Press Release: Confirmed - Echo, the First Wolf in Over 70 years at Grand Canyon, Is Dead

For Immediate Release, February 11, 2015

Contact: Emily Renn, (928) 202-1325, Grand Canyon Wolf Recovery Project

Confirmed - Echo, the First Wolf in Over 70 years at Grand Canyon, Is Dead

DNA Analysis Shows Echo Was Wolf Shot in Utah

FLAGSTAFF, Ariz.— The U.S. Fish and Wildlife Service has confirmed that Echo, the female northern Rockies gray wolf seen roaming near the North Rim of the Grand Canyon last year, was the wolf shot near Beaver, Utah in December. This pioneer traveled hundreds of miles to northern Arizona, an area that scientists have said is one of the last best places in the Southwest for wolves. Echo was protected under the Endangered Species Act, but was killed by a hunter who claimed he thought she was a coyote. Wolves like Echo who travel into Utah remain in danger due to Utah laws that allow indiscriminate killing of coyotes, even offering a bounty, and to plans by the Obama administration and members of Congress to strip gray wolves of protections nation-wide.

Emily Renn, executive director for Grand Canyon Wolf Recovery Project, a Flagstaff-based non-profit that has worked since 2005 to build support for wolf recovery in the Grand Canyon region, said this news shows why federal and state governments need to do more to protect wolves like Echo.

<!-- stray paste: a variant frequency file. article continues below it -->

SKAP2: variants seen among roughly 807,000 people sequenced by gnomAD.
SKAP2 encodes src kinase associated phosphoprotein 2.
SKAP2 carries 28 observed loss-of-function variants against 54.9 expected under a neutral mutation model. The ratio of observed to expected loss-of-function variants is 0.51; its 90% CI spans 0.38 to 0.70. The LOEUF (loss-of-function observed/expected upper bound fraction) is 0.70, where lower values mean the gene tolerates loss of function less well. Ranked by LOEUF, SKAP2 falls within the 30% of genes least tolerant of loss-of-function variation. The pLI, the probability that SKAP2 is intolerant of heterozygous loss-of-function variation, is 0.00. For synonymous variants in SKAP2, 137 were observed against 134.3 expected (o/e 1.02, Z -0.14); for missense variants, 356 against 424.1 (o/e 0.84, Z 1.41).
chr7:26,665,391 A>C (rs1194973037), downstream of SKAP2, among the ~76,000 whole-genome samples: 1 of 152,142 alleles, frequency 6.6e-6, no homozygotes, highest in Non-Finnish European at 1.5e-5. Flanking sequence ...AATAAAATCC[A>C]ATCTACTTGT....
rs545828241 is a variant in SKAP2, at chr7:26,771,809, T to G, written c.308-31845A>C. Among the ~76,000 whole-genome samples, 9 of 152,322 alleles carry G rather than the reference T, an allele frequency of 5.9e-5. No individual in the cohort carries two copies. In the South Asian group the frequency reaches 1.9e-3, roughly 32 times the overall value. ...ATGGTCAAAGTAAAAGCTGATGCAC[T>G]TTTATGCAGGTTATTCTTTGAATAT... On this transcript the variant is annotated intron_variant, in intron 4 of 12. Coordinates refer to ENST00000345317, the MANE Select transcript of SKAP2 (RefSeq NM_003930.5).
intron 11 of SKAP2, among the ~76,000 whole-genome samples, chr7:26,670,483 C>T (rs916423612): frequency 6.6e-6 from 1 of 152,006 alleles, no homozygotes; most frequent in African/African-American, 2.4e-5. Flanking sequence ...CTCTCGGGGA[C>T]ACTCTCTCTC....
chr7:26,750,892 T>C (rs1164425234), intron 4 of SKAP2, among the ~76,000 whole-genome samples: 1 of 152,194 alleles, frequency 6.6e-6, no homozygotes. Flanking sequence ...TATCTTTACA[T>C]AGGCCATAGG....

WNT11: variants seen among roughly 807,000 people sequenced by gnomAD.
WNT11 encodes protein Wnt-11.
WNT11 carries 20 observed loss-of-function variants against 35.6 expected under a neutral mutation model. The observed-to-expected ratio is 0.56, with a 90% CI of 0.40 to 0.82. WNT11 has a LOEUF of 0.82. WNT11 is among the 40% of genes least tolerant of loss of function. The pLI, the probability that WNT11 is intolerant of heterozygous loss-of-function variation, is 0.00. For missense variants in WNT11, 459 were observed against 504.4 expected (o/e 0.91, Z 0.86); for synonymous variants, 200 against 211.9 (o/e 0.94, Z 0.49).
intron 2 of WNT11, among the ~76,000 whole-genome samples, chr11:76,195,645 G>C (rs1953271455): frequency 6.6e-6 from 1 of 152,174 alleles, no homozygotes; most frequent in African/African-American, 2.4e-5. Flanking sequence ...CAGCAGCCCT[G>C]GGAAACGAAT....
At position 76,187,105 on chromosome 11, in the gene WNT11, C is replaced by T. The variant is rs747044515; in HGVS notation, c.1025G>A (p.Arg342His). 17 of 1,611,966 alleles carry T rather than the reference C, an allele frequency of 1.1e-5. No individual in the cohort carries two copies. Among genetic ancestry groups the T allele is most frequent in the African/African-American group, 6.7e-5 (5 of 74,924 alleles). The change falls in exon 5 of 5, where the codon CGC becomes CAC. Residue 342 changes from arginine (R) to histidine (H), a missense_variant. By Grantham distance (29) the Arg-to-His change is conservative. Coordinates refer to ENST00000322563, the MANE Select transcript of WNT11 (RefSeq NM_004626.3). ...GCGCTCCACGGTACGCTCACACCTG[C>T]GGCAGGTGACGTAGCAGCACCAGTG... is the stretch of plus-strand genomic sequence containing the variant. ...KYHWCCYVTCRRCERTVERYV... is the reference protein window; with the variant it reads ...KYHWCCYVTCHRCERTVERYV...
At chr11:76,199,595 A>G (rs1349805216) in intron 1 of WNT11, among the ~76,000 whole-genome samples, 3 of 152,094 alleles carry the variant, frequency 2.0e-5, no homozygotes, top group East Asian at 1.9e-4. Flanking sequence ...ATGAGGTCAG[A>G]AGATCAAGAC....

“Echo’s historic journey brought to life the scientific research showing the Grand Canyon region’s great suitability as habitat for wolves and the need to maintain Endangered Species Act protections for wolves and wildlife corridors from Mexico to Canada. Her death highlights the need for greater protections.”

Renn said that state laws that allow unlimited killing of coyotes, including coyote killing contests, and even offer bounties, make it much too easy for shooters to mistakenly or purposely take an endangered wolf’s life and reap no consequences. A Department of Justice policy, called McKittrick, often allows killers of endangered animals to avoid prosecution if they claim they thought the animal was something else.

Scientists have said that the Grand Canyon region in northern Arizona and southern Utah is one of the last best places for wolves because of its abundant prey, public lands, including national forests and Grand Canyon National Park, and low road densities. Utah is a key linkage between wolves in the northern Rockies states and the Southwest, but a recent rule revision by the US Fish and Wildlife Service prohibits Mexican gray wolves from the south inhabiting the area north of I-40. Renn said this rule, Utah politics, and attempts by the Obama administration to strip gray wolves of ESA protections administratively, and by Congress to do it through bills and riders, pose significant obstacles to wolf recovery, which her group is working to overcome. “If wolves lose federal protections they will be left to the mercy of states that have clearly shown themselves to be unfriendly towards predators.”